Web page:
Texas woman raped by Skokie hotel security guard awarded $1.8m by jury: lawyers

A Texas woman who traveled to the Chicago area on business was awarded $1.8 million after she was raped by a security guard on duty at the Skokie Hotel where she was staying, attorneys for the victim say .

On October 2, 2013, Karla Gress was staying at the Holiday Inn Chicago Northshore – Skokie while on a work-related trip.

After having a drink that night at Bar Louie inside the Holiday Inn, records show that around 10 p.m., the 49-year-old Dallas-area woman called the hotel front desk to need help with air conditioning. Alhagie Singhateh, a hotel worker and security guard, was sent to Gress’s room to investigate, her lawyers said.

Throughout the night, evidence shows that Singhateh came back up to Gress’ room several times. During one of the visits, Singhateh sexually assaulted Gress, according to his lawyers.

Holiday Inn Chicago Northshore – Skokie | Google Maps

Gress reported the attack within 24 hours of returning to Texas and suffered a rape kit. DNA from the rape kit matched Singhateh, his lawyers said.

Despite this evidence, Singhateh continued to work at the Skokie Hotel for over a year until he was fired due to another incident and additional complaints that he was causing other female customers discomfort. comfortable, according to plaintiffs’ attorneys.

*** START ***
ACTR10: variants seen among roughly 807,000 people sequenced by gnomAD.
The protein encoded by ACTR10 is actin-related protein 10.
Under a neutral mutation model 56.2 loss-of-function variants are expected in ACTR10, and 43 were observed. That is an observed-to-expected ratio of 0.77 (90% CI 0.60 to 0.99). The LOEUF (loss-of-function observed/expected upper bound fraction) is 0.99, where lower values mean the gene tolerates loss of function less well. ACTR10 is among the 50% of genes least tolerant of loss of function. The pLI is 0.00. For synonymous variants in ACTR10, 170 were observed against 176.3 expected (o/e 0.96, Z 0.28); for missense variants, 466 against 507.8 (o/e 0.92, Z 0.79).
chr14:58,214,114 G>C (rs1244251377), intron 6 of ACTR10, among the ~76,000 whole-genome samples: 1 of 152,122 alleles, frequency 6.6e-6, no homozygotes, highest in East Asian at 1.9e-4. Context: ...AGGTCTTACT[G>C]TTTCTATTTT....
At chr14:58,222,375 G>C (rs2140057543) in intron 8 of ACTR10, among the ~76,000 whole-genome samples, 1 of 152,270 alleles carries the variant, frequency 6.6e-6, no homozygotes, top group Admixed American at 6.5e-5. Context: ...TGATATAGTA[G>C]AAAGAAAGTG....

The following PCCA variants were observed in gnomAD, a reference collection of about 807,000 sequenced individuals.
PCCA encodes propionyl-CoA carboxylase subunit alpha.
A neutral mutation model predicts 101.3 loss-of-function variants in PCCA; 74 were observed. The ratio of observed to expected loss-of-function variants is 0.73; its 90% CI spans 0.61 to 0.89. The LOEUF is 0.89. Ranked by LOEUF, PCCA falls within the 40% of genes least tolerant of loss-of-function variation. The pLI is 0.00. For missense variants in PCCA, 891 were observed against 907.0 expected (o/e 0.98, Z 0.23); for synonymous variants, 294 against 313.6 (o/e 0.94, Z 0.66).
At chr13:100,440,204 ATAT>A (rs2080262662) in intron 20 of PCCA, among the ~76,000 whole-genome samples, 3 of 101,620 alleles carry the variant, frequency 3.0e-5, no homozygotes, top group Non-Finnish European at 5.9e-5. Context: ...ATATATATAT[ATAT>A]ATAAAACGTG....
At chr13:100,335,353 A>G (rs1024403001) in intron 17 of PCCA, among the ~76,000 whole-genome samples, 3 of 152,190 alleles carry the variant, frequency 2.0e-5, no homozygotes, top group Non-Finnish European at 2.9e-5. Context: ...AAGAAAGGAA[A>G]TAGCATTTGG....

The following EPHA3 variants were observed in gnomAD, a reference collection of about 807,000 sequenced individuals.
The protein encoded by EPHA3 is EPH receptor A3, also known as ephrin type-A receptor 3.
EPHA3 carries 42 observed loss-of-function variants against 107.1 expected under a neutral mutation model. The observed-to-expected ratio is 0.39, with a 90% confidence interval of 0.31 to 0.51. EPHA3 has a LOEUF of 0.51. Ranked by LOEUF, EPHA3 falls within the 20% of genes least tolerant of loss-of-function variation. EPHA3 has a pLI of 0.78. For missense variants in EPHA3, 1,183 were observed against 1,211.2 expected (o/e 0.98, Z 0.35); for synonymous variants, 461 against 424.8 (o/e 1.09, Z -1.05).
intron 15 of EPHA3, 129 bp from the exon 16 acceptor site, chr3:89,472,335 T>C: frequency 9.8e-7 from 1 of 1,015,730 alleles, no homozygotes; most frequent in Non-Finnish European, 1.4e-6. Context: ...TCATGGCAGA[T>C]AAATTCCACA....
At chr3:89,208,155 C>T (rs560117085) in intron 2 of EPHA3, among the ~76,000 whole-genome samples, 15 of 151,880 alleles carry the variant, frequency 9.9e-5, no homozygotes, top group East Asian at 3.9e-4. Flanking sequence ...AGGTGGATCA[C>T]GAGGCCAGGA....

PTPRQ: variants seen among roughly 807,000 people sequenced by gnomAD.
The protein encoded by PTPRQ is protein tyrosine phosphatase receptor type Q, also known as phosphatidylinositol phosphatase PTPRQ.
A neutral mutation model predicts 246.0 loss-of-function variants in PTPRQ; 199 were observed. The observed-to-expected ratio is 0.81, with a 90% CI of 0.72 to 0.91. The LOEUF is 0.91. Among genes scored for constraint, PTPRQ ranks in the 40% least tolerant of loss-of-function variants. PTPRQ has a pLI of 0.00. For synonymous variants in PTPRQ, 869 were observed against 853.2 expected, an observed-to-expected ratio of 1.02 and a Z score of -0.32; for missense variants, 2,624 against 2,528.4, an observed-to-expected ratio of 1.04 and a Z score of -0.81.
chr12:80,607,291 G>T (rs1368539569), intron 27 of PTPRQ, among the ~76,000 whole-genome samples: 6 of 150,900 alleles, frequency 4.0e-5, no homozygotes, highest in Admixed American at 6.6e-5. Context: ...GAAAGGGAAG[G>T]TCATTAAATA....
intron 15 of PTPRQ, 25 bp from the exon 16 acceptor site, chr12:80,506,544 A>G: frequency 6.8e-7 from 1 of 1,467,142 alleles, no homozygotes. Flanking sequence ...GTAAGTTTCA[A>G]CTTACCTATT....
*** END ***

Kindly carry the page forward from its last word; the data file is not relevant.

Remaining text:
“Hotel management facilitated the assault by sending a male security guard to Karla’s room, knowing he had a key and despite being warned she was intoxicated. Rather than protecting Karla’s privacy and security in her locked room, hotel management put her at risk,” Gress said attorney Tara R. Devine of Salvi, Schostok & Pritchard. in a press release.

“This attack was completely preventable and stemmed from the defendants’ failure to take appropriate steps to protect their guests,” Devine added.


A lawsuit was filed in 2015, appealed on a motion to dismiss in 2017, and reinstated in 2018. The trial then began on February 7, 2022.

On February 24, a Cook County jury awarded Gress $1.8 million for her past loss of a normal life and emotional distress.

“Nothing can take away the emotional damage Karla has suffered in the almost 10 years since the attack. This verdict represents an important step in the healing process, vindicates Karla’s case and sends a strong reminder to hotels and their staff that it is imperative that policies are in place to protect guests from harm under their watch,” Gress’s attorney, Brian Monico of Hale & Monico, said in a statement.

Gress was also represented by attorneys Jaclyn J. Kurth of Salvi, Schostok & Pritchard and John Chwarzynski Jr. of Hale & Monico.

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